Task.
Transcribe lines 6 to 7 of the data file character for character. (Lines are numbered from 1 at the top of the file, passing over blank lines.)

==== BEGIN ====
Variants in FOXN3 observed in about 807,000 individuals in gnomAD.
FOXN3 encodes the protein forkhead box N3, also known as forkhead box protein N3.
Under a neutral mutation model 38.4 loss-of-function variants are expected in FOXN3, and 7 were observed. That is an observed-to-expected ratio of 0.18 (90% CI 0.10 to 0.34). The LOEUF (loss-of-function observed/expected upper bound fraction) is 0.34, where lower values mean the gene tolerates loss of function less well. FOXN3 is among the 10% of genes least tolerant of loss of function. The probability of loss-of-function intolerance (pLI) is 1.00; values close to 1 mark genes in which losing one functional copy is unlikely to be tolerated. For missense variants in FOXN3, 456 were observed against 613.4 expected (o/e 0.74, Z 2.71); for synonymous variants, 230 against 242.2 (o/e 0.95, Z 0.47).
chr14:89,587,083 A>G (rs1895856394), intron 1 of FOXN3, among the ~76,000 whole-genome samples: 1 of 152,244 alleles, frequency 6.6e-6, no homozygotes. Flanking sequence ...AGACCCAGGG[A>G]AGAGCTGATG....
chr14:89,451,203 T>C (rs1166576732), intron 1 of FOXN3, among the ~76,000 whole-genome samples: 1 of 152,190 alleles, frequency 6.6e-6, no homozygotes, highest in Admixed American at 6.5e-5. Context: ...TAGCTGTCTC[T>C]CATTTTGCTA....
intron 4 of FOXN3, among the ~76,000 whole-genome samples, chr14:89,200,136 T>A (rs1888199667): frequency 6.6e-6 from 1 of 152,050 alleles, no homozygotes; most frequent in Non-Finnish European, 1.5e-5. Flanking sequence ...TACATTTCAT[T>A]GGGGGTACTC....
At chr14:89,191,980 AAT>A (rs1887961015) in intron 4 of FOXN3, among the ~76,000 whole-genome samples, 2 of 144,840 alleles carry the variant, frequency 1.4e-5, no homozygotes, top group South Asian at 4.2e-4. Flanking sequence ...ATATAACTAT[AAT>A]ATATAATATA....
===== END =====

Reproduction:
intron 4 of FOXN3, among the ~76,000 whole-genome samples, chr14:89,200,136 T>A (rs1888199667): frequency 6.6e-6 from 1 of 152,050 alleles, no homozygotes; most frequent in Non-Finnish European, 1.5e-5. Flanking sequence ...TACATTTCAT[T>A]GGGGGTACTC....
At chr14:89,191,980 AAT>A (rs1887961015) in intron 4 of FOXN3, among the ~76,000 whole-genome samples, 2 of 144,840 alleles carry the variant, frequency 1.4e-5, no homozygotes, top group South Asian at 4.2e-4. Flanking sequence ...ATATAACTAT[AAT>A]ATATAATATA....